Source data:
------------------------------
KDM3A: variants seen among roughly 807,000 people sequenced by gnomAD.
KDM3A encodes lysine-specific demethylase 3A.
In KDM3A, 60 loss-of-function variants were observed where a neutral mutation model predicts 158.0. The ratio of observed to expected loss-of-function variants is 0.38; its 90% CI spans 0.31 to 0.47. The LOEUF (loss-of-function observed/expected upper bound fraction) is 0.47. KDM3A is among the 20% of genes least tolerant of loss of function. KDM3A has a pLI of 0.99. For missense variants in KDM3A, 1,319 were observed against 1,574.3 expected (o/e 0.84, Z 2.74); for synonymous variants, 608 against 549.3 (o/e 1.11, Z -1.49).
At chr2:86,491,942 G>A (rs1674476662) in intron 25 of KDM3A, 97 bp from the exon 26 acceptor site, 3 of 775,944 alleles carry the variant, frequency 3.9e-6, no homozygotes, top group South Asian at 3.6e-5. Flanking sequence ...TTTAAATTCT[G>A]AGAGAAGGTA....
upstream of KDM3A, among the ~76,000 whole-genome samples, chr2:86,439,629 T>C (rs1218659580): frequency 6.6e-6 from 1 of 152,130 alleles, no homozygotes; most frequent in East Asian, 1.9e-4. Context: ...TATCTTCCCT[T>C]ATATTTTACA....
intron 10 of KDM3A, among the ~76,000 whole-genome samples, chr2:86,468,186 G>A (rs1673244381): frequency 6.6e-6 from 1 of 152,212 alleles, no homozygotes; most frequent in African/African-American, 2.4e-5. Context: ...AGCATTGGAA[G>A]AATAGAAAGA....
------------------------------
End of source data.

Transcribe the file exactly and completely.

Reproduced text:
KDM3A: variants seen among roughly 807,000 people sequenced by gnomAD.
KDM3A encodes lysine-specific demethylase 3A.
In KDM3A, 60 loss-of-function variants were observed where a neutral mutation model predicts 158.0. The ratio of observed to expected loss-of-function variants is 0.38; its 90% CI spans 0.31 to 0.47. The LOEUF (loss-of-function observed/expected upper bound fraction) is 0.47. KDM3A is among the 20% of genes least tolerant of loss of function. KDM3A has a pLI of 0.99. For missense variants in KDM3A, 1,319 were observed against 1,574.3 expected (o/e 0.84, Z 2.74); for synonymous variants, 608 against 549.3 (o/e 1.11, Z -1.49).
At chr2:86,491,942 G>A (rs1674476662) in intron 25 of KDM3A, 97 bp from the exon 26 acceptor site, 3 of 775,944 alleles carry the variant, frequency 3.9e-6, no homozygotes, top group South Asian at 3.6e-5. Flanking sequence ...TTTAAATTCT[G>A]AGAGAAGGTA....
upstream of KDM3A, among the ~76,000 whole-genome samples, chr2:86,439,629 T>C (rs1218659580): frequency 6.6e-6 from 1 of 152,130 alleles, no homozygotes; most frequent in East Asian, 1.9e-4. Context: ...TATCTTCCCT[T>C]ATATTTTACA....
intron 10 of KDM3A, among the ~76,000 whole-genome samples, chr2:86,468,186 G>A (rs1673244381): frequency 6.6e-6 from 1 of 152,212 alleles, no homozygotes; most frequent in African/African-American, 2.4e-5. Context: ...AGCATTGGAA[G>A]AATAGAAAGA....